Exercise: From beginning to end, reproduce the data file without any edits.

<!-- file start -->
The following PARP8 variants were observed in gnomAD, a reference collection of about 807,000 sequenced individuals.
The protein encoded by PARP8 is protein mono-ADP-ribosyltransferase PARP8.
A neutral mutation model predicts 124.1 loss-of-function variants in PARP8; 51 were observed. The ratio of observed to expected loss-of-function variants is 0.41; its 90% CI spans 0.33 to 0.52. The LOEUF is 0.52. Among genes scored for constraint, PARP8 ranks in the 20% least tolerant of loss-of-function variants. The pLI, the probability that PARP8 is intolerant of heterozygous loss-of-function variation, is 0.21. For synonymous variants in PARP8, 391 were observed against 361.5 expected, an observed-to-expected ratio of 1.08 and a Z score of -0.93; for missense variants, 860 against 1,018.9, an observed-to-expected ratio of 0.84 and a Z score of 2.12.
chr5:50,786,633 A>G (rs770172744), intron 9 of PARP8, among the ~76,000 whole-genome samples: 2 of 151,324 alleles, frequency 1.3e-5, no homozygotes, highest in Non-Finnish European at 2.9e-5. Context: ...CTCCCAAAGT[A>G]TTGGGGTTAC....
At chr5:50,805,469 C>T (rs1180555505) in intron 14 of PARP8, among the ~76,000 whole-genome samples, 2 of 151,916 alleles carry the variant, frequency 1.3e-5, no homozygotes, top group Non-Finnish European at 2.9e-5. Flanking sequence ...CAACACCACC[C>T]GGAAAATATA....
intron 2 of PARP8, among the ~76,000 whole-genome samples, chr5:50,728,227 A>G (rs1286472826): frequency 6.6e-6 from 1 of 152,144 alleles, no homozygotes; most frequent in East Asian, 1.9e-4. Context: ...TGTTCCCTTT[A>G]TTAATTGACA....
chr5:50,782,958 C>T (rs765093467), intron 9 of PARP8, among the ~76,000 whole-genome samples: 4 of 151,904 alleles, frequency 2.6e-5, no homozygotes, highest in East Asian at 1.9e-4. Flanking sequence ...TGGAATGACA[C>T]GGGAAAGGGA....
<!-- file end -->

The following PARP8 variants were observed in gnomAD, a reference collection of about 807,000 sequenced individuals.
The protein encoded by PARP8 is protein mono-ADP-ribosyltransferase PARP8.
A neutral mutation model predicts 124.1 loss-of-function variants in PARP8; 51 were observed. The ratio of observed to expected loss-of-function variants is 0.41; its 90% CI spans 0.33 to 0.52. The LOEUF is 0.52. Among genes scored for constraint, PARP8 ranks in the 20% least tolerant of loss-of-function variants. The pLI, the probability that PARP8 is intolerant of heterozygous loss-of-function variation, is 0.21. For synonymous variants in PARP8, 391 were observed against 361.5 expected, an observed-to-expected ratio of 1.08 and a Z score of -0.93; for missense variants, 860 against 1,018.9, an observed-to-expected ratio of 0.84 and a Z score of 2.12.
chr5:50,786,633 A>G (rs770172744), intron 9 of PARP8, among the ~76,000 whole-genome samples: 2 of 151,324 alleles, frequency 1.3e-5, no homozygotes, highest in Non-Finnish European at 2.9e-5. Context: ...CTCCCAAAGT[A>G]TTGGGGTTAC....
At chr5:50,805,469 C>T (rs1180555505) in intron 14 of PARP8, among the ~76,000 whole-genome samples, 2 of 151,916 alleles carry the variant, frequency 1.3e-5, no homozygotes, top group Non-Finnish European at 2.9e-5. Flanking sequence ...CAACACCACC[C>T]GGAAAATATA....
intron 2 of PARP8, among the ~76,000 whole-genome samples, chr5:50,728,227 A>G (rs1286472826): frequency 6.6e-6 from 1 of 152,144 alleles, no homozygotes; most frequent in East Asian, 1.9e-4. Context: ...TGTTCCCTTT[A>G]TTAATTGACA....
chr5:50,782,958 C>T (rs765093467), intron 9 of PARP8, among the ~76,000 whole-genome samples: 4 of 151,904 alleles, frequency 2.6e-5, no homozygotes, highest in East Asian at 1.9e-4. Flanking sequence ...TGGAATGACA[C>T]GGGAAAGGGA....